It’s further complicated by the sheer number of people — just over 1,000 — working at Pelican Bay Prison in California. That state’s housing market is also getting more expensive and driving workers to Brookings, the report indicates.

Landlords have made it harder for people to rent, too, the report reads. “Credit rating, rental history, income levels and criminal history all play a role, but they also are requiring larger security deposits and move-in fees.”

That’s further complicated for people with pets.

Legal requirements

The city has a legal requirement to “provide access to affordable housing,” City Manager Gary Milliman’s report reads. The state requires local government to provide “needed housing” and prohibits them from barring government-assisted housing.

Senate Bill 1051, which takes effect July 1, requires cities with more than 2,500 population to have at least one “accessory dwelling unit” for each detached single-family dwelling; the Brookings Municipal Code addresses that.

Other ideas in other cities have included allowing the increasingly popular “tiny houses,” which fit the needs of many single, older and veteran citizens, the report reads.

“It has sparked debate about whether to consider this type of housing,” Milliman’s report reads. “The municipal code already allows tiny homes in all residential neighborhoods, either within or as an accessory unit to the primary structure.”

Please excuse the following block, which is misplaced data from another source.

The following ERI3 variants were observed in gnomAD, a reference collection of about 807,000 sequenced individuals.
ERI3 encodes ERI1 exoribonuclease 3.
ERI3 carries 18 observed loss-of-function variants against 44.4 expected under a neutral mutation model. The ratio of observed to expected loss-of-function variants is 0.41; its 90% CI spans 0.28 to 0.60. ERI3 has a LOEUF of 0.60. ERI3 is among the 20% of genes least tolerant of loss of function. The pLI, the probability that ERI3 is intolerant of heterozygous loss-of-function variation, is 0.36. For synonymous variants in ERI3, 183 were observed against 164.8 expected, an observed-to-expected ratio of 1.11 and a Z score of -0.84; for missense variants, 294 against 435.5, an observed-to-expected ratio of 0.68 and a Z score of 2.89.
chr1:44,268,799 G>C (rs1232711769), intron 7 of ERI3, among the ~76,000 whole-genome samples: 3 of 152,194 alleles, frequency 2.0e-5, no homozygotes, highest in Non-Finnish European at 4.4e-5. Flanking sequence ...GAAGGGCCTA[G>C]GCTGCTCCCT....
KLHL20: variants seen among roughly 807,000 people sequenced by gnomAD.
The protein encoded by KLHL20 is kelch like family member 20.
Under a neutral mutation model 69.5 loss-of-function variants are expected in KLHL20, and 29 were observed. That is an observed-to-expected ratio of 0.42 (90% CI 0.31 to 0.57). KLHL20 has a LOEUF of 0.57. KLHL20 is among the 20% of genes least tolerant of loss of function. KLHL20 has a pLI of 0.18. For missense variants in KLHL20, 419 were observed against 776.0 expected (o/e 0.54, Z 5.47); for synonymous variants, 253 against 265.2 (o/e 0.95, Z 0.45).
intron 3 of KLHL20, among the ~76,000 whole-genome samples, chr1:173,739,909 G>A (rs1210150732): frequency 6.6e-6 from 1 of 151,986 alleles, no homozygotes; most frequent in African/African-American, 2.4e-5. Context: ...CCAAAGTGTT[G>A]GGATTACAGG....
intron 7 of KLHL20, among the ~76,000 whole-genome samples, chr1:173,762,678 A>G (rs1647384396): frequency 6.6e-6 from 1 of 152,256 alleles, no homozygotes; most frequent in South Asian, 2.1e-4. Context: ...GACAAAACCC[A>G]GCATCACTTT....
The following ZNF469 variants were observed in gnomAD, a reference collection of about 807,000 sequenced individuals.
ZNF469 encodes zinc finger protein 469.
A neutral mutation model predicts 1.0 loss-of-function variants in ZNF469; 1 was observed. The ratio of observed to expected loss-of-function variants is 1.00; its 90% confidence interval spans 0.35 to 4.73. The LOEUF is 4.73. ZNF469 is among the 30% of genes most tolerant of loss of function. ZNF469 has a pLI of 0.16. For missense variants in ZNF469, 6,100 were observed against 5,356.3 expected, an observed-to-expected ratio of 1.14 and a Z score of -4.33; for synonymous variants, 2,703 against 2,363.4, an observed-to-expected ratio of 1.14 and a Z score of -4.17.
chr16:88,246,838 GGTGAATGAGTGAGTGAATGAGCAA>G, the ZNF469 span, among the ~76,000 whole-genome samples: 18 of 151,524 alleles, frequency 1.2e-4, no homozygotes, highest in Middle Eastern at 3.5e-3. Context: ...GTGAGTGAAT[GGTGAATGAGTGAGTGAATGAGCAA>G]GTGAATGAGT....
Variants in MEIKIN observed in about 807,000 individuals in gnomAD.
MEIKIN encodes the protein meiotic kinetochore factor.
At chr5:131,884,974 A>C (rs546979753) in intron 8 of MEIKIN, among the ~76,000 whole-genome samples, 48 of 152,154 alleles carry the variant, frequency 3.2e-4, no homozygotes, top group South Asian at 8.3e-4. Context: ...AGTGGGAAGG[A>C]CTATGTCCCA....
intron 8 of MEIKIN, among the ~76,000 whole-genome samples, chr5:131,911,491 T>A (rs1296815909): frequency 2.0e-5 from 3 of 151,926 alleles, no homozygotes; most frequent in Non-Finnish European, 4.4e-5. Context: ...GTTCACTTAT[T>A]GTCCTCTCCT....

The council discussed permitting tiny homes on wheels, or rezoning certain parcels in town as “Tiny Homes Residential Districts,: similar to manufactured home parks, an option that could attract artists and musicians to town, said Councilor Dennis Triglia.

“Several lots have been identified where this might be feasible, thus creating a cluster effect,” Milliman said.

There are property tax exemption programs, too, but all would involve enticing a developer to build here.

“Vertical Housing Zones” allow partial property tax exemptions for those who build or renovate multi-floor structures with businesses on the ground floor, a proposal that could work downtown.

The city of Tigard has two such projects, and a third in the works.

“There is a 10-year financial impact to the city with the property tax reduction,” Milliman said, “but in the long run, it’s a financial benefit because without it, the property might not have been built.”

Low-income rental housing projects can be tax exempt under a nonprofit’s tax designation, cities can waive or reduce rates for System Development Charges for projects with affordable housing units within them. Again, Tigard has implemented this program in hopes developers will save enough money to spur further development.